The Lord giveth, and the Lord taketh away. With apologies to the Book of Job, the same could be said for the soaring equities market. That’s the augury of some of the biggest Wall Street players, with downbeat previews for the rest of 2021.
The stock market may have reached record levels this year, but Thursday’s 0.86% drop in the S&P 500 could be a portent. Turns out that a batch of big-time prognosticators think we’re in for a downdraft or a plateau up ahead. Not helping: Historically, the third quarter (which we just entered) is always a relative laggard.
Market strategists at BlackRock, Goldman Sachs, RBC, and Morgan Stanley are among those concerned that a strong economy and the prospect of good earnings are not enough for the market to maintain its rally. As culprits in a coming slide or stasis, they point to inflation leeriness, the Federal Reserve’s possible tapering of its epic bond buying, and profit-margin pressures.
One ominous development that a lot of Wall Streeters are noticing is that the yield on the 10-year Treasury note is slipping. The benchmark bond closed Thursday at 1.28% annually, quite a drop from the 1.74% level March 31. Back then, spirits were more euphoric. Rising T-note yields often signal a rising stock market.
Asset manager BlackRock this week downgraded US stocks to neutral and opined that the reopening trade was largely played out in the domestic markets. Thus, in its view, the growth from the economic revival was peaking.
At Goldman, chief U.S. equity strategist David Kostin wrote that he expects the S&P 500 will end 2021 at 4,300, just a hair below what it closed at yesterday. He blamed obstacles such as possible loftier borrowing costs and higher federal taxes for the underwhelming forecast year-end 2021.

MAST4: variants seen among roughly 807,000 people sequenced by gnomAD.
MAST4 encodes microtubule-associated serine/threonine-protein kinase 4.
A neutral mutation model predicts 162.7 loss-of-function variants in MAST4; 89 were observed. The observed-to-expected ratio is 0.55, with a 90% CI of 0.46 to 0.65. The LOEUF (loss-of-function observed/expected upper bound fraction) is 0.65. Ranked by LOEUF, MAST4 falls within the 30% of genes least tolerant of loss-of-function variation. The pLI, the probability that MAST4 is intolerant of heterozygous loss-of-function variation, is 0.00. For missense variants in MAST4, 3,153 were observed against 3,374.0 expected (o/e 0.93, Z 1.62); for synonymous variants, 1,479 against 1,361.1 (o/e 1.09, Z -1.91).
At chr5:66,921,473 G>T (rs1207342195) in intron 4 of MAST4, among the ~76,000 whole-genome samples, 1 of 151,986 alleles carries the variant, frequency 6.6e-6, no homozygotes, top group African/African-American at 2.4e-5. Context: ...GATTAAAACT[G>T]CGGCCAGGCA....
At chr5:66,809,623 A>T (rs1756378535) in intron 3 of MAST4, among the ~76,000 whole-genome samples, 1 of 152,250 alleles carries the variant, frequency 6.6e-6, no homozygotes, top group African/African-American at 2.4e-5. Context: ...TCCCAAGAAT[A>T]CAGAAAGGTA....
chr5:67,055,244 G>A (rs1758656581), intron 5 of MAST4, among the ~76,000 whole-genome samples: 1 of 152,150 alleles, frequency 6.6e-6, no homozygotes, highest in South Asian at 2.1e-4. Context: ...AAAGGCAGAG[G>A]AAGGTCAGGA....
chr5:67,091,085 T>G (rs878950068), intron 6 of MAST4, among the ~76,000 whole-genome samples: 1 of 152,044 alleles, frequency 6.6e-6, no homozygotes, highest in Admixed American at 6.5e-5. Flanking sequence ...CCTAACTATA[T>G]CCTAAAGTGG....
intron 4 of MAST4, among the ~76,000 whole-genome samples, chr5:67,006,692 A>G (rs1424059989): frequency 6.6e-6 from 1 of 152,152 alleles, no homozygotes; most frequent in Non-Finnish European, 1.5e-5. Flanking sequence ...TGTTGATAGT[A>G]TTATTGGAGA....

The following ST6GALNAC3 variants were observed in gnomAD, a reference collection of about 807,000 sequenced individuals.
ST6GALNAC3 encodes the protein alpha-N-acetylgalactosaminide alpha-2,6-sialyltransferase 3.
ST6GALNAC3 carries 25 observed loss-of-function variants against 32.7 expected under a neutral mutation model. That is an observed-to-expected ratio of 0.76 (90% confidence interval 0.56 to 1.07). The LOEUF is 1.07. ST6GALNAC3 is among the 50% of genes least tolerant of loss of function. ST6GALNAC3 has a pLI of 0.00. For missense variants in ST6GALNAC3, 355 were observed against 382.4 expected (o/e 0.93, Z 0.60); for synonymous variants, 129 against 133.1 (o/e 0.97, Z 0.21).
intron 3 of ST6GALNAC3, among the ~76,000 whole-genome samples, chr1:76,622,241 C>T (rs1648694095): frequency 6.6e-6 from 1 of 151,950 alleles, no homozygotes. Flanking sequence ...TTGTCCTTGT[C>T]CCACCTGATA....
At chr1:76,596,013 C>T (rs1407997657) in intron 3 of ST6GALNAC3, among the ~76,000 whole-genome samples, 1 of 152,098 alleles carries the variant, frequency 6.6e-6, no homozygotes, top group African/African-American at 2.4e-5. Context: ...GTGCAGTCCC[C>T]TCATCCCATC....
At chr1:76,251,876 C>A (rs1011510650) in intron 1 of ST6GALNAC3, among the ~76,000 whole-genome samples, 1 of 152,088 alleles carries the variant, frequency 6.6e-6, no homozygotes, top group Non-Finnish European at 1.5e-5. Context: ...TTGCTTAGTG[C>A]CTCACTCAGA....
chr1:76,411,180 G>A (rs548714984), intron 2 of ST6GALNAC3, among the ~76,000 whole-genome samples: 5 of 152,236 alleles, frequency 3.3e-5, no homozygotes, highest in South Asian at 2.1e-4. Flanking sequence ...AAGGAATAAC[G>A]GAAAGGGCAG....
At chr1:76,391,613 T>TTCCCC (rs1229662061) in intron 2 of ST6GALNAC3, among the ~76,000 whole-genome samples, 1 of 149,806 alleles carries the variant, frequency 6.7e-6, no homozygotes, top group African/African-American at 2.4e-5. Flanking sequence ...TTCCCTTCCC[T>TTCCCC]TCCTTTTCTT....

“Our economists’ expectations of higher interest rates and higher corporate tax rates by year-end are the primary reasons we forecast that the S&P 500 will trade sideways during the next six months,” Kostin wrote.
To Morgan Stanley strategist Michael Wilson, the stock market will take a break this summer. “The bottom line is that the US economy is booming, but this is now a known known and asset markets reflect it,” he wrote in a research note. “What isn’t so clear anymore is at what price this growth will accrue. Higher costs mean lower profits, another reason why the overall equity market has been narrowing.”
At RBC, strategists find that investor optimism has faded “a bit.” The spread of COVID-19 variants is serving as a reminder that the pandemic isn’t over yet, they said in a report. Such a pandemic increase could crimp demand, the firm said. It tempered this gloomy comment by pointing to the strong cash positions of companies and consumers, which could counteract any market weakness.
Of course, the pessimistic outlook is in keeping with the seasonal effect on equities. Namely, that the third quarter is usually the dog. Since World War II, the S&P 500 gained an average of only 0.5% in the July-September period, versus increases of 1.9% to 3.8% for the other quarters, according to Sam Stovall, CFRA’s chief investment strategist.
And July is the best month of the lot. Stovall wrote that “the typical market mayhem doesn’t materialize until August and September, leaving the S&P 500’s return reputation for July tainted by association.” By the same token, Stovall observed, a greater average of corrections and bear markets started in July than for all months of the year.
What’s more, the CFRA sage went on, over the past quarter century, eight of 11 sectors in the S&P Composite 1500 Index (which covers all capitalization sizes), as well as the Nasdaq 100 and S&P 500 Growth indexes, outpaced the S&P 500 in the third quarter. The outperforming sectors were led by health care, real estate (since 2007), and technology, while communication services, consumer discretionary, energy, and materials typically declined.